The sale of Arramara Teoranta to a private Canadian company, Acadian, is the first step in the privatisation of seaweed and other natural resources found along the seashore according to Sinn Féin councillor Rose Conway-Walsh. Cllr Conway-Walsh said: “The sale of this public asset jeopardises the harvesting rights of seaweed cutters and those who have used seaweed along the Mayo coast for generations. In spite of protestations from the Government that there was no intention to sell off the State-owned Arramara it is now clear that I and my colleagues, Senator Trevor O’Clochartaigh and EU candidate Matt Carthy, were correct in relaying information to constituents that background discussions were taking place to push the sale through without consultation. Erris Seaweed Action Group will continue to work with the Connemara Action Group and other communities to provide a strong cohesive voice to protect the rights of seaweed cutters and coastal communities.” Cllr Conway-Walsh concluded saying: “There is no doubt that there is great untapped potential along our coast for greater use of seaweed and for job creation by adding value to the potential harvest there. But it will only benefit our own people if that harvesting and processing is controlled by the communities living there by way of co-operatives or some similar community based approach. Sinn Féin is encouraging land owners to check their land folios to establish their harvesting rights and coastal communities to work together to ensure the rights to cut seaweed and benefits arising from processing this natural resource are held by communities using a fair trade co-operative model.”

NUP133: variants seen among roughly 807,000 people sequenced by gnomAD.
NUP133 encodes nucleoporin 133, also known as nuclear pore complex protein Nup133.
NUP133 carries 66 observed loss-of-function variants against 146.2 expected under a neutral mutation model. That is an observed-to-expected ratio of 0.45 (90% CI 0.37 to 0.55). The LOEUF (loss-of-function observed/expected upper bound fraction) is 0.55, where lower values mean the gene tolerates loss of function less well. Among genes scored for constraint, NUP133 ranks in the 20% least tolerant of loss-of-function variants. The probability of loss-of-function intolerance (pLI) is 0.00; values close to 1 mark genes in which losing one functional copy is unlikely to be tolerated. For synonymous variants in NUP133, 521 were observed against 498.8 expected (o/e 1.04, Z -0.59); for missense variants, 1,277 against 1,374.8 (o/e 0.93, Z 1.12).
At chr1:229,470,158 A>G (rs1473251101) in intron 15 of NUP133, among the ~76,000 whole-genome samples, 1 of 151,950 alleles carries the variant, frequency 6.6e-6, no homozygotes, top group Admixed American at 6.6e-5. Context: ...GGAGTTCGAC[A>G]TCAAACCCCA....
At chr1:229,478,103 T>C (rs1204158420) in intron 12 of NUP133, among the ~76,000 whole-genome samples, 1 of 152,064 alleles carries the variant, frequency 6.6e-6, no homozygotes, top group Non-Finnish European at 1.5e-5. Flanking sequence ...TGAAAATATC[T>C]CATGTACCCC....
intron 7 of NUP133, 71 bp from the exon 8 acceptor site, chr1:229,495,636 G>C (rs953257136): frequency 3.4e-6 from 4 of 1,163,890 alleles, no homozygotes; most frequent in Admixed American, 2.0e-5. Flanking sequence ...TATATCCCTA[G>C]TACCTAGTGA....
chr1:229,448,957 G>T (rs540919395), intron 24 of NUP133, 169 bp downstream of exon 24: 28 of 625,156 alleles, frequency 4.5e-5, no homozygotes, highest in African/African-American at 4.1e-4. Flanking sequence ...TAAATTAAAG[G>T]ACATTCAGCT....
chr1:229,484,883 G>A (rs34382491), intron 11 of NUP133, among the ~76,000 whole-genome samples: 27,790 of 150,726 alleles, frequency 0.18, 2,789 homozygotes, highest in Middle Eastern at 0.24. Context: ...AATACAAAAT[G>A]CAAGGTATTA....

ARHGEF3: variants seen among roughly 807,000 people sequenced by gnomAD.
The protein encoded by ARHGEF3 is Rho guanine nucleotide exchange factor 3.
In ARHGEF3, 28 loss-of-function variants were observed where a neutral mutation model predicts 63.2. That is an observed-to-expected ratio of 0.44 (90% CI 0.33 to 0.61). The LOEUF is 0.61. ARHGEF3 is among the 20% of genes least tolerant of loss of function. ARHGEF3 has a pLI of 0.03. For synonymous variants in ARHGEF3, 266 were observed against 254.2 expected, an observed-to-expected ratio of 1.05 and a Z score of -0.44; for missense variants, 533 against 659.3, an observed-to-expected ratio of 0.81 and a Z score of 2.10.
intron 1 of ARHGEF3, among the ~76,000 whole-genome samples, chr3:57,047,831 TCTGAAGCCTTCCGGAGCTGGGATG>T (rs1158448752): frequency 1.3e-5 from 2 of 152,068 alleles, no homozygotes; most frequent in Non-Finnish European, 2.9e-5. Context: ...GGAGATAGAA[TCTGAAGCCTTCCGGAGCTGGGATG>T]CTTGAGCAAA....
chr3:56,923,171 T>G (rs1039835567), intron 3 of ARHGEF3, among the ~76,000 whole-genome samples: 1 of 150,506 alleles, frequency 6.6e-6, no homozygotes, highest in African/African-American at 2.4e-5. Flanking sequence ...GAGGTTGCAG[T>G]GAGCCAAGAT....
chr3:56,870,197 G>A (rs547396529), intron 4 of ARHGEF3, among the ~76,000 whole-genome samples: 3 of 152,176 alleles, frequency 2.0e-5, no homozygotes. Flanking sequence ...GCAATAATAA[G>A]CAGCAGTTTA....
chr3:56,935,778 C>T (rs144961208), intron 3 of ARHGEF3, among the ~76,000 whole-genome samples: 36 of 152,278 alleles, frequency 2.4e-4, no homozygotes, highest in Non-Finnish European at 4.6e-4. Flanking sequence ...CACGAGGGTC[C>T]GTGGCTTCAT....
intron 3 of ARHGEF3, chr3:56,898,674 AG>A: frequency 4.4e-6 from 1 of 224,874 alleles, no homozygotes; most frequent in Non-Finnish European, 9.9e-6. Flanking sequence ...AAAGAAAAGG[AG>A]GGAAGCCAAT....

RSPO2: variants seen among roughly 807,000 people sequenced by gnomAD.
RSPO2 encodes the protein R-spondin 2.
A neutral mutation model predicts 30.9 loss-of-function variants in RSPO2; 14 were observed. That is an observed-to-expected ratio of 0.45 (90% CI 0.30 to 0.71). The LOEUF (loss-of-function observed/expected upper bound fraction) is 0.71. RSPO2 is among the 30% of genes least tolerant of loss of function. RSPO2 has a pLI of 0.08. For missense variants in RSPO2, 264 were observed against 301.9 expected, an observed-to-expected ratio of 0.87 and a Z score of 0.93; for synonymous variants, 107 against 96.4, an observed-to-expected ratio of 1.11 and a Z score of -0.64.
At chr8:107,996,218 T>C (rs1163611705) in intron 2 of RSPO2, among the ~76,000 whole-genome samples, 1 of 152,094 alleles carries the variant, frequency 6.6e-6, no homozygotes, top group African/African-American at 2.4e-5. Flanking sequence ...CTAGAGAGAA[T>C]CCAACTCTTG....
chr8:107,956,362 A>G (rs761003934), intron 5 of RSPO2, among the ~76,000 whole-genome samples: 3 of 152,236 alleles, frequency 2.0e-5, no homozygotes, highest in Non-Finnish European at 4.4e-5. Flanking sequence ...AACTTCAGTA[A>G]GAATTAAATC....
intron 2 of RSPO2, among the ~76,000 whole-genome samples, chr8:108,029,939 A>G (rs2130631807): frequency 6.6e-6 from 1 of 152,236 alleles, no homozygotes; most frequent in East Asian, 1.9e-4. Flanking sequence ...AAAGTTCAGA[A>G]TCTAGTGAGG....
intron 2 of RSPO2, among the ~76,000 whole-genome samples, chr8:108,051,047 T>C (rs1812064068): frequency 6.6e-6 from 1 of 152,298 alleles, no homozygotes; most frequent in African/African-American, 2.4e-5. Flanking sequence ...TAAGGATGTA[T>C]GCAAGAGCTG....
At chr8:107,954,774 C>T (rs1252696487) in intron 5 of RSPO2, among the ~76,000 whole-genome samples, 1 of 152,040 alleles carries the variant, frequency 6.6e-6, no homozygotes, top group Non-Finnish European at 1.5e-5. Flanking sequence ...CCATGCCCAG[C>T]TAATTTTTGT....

Independent MEP Marian Harkin has also expressed her concern at the announcement. “This deal has been shrouded in secrecy and there is an urgent need to immediately clarify the position of seaweed harvesters and of those who currently hold licenses to harvest,” she said. The deal should not impair in any way the ability of current seaweed processors to access raw material and an immediate statement from the Government on this issue is necessary, she said. She continued: “It would make sense at this time for all of those who earn their livelihoods from seaweed, and especially the harvesters, to come together in some form of unified entity to protect their interests and to ensure that seaweed will, in the future, continue to be harvested in a sustainable way.
“As an immediate priority the government should clarify if any special arrangements have been made with Acadian for exclusive harvesting rights in any part of the coast of the west of Ireland.”